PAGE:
Twenty acres of Hyde Park has been transformed into a fair and Christmas market called the Winter Wonderland. Entry is free but you have to pay for the games, rides, observation wheel, circus, ice-skating and food.

Winter Wonderland is open from November 19, 2010 to January 4, 2011 from 10 am to 10 pm.

Things to do

Winter Wonderland is an ideal outing for the whole family. The event has something to offer to all age groups. “This place is really good. The lights, decoration and Christmas carols being played has has gotten me into the Christmas spirit more than a month before Christmas,” says Jackie Smith, a visitor.

Families can enjoy shows in a heated big top or a cosy meal in restaurants. Small children can enjoy the carousel or the helter-skelter. Older children can enjoy the rollercoaster called the Euro Coaster, outdoor ice-skating, the giant observation wheel and other rides such as the Black Hole and Power Tower. Young children can visit Santa’s free grotto to meet Santa Claus and receive a gift.

One popular activity for people of all ages is ice-skating called the Lidl Magical Rink. “I want to go ice-skating but I have never done it before and I am just too scared,” says Sam Blake. The ice-skating rink is the largest open-air rink spread over 15,000 square feet created from 405,000 pints of frozen water. There are several ice guides to help those who have never used skates before.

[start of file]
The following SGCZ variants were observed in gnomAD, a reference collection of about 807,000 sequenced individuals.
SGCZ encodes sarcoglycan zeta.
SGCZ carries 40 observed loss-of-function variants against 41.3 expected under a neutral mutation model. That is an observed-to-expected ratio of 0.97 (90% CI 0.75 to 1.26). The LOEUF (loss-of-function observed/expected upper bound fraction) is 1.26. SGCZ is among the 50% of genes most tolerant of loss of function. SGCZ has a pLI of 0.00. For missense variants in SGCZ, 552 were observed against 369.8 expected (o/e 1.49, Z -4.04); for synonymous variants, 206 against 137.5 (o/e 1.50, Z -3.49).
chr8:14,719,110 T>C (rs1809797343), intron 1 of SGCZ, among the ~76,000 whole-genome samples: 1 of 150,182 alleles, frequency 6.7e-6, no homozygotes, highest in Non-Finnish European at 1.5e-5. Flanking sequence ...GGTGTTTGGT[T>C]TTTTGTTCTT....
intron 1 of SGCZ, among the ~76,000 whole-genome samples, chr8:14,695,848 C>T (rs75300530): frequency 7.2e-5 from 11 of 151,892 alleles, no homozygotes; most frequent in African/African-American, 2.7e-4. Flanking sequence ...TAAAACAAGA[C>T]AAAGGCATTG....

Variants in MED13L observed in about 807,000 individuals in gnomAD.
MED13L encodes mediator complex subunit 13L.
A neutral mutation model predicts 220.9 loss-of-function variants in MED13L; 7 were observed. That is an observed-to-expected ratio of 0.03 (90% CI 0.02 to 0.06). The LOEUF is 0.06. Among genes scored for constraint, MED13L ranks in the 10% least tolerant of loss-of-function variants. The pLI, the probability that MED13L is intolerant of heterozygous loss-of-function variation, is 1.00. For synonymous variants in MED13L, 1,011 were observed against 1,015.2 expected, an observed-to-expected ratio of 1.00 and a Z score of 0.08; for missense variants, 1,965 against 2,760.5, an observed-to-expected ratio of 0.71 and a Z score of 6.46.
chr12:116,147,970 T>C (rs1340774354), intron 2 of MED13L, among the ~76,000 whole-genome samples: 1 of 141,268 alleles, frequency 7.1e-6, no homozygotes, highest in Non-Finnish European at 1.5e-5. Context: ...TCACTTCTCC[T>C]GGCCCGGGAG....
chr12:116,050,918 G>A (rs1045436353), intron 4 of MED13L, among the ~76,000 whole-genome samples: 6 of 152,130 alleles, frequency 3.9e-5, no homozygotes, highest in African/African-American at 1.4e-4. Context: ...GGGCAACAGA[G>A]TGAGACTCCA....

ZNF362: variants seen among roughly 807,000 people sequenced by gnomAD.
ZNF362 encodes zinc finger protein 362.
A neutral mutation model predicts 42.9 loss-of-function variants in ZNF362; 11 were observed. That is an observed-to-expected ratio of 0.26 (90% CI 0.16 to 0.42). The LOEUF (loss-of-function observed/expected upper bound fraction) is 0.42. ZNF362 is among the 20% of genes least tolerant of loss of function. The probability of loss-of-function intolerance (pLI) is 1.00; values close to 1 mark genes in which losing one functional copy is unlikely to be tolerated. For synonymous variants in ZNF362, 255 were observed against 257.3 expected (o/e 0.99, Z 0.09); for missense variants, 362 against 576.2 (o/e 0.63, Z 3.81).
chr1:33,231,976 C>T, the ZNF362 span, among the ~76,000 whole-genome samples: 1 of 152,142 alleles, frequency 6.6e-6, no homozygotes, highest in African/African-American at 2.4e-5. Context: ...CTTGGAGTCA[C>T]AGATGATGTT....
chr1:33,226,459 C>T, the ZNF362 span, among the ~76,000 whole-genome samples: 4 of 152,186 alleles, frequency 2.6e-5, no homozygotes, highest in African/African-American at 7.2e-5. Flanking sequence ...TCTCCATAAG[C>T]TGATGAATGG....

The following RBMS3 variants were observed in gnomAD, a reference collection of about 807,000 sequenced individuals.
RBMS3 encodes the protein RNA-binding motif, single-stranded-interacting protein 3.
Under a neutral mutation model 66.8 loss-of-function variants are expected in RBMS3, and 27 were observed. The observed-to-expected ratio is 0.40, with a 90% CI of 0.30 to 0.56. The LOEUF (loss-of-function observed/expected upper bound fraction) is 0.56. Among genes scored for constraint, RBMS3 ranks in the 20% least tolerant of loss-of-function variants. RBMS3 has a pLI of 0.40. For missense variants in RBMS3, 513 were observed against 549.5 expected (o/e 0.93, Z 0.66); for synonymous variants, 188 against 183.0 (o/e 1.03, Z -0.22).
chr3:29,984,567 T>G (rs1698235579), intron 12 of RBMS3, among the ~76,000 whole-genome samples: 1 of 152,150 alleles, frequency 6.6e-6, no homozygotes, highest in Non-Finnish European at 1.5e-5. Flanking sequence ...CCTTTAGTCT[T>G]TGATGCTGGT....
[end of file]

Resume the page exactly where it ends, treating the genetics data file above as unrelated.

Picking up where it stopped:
For those who want a glimpse of London, the giant observation wheel is an excellent alternative to London Eye.

Food and Markets

Angel’s Christmas Market is at the entrance of Hyde Park. There are over a hundred stalls featuring arts and crafts, jewellery, wooden toys, decorations and more from around the world.

The German Christmas Market has a range of wooden huts offering continental food and sweets like roasted nuts, gingerbread hearts, crepes and confectionary.

The Bavarian Village is an impressive wooden structure that offers Bavarian Hog Roast, seasoned steaks and hearty German Bratwurst sausages. Accompanied by the German food are Bavarian chilled beer and warming ‘Glühwein‘ (German Mulled Wine).

The English style cafés and bars serve real ales, pies, fish and chips, hot cider and other gourmet.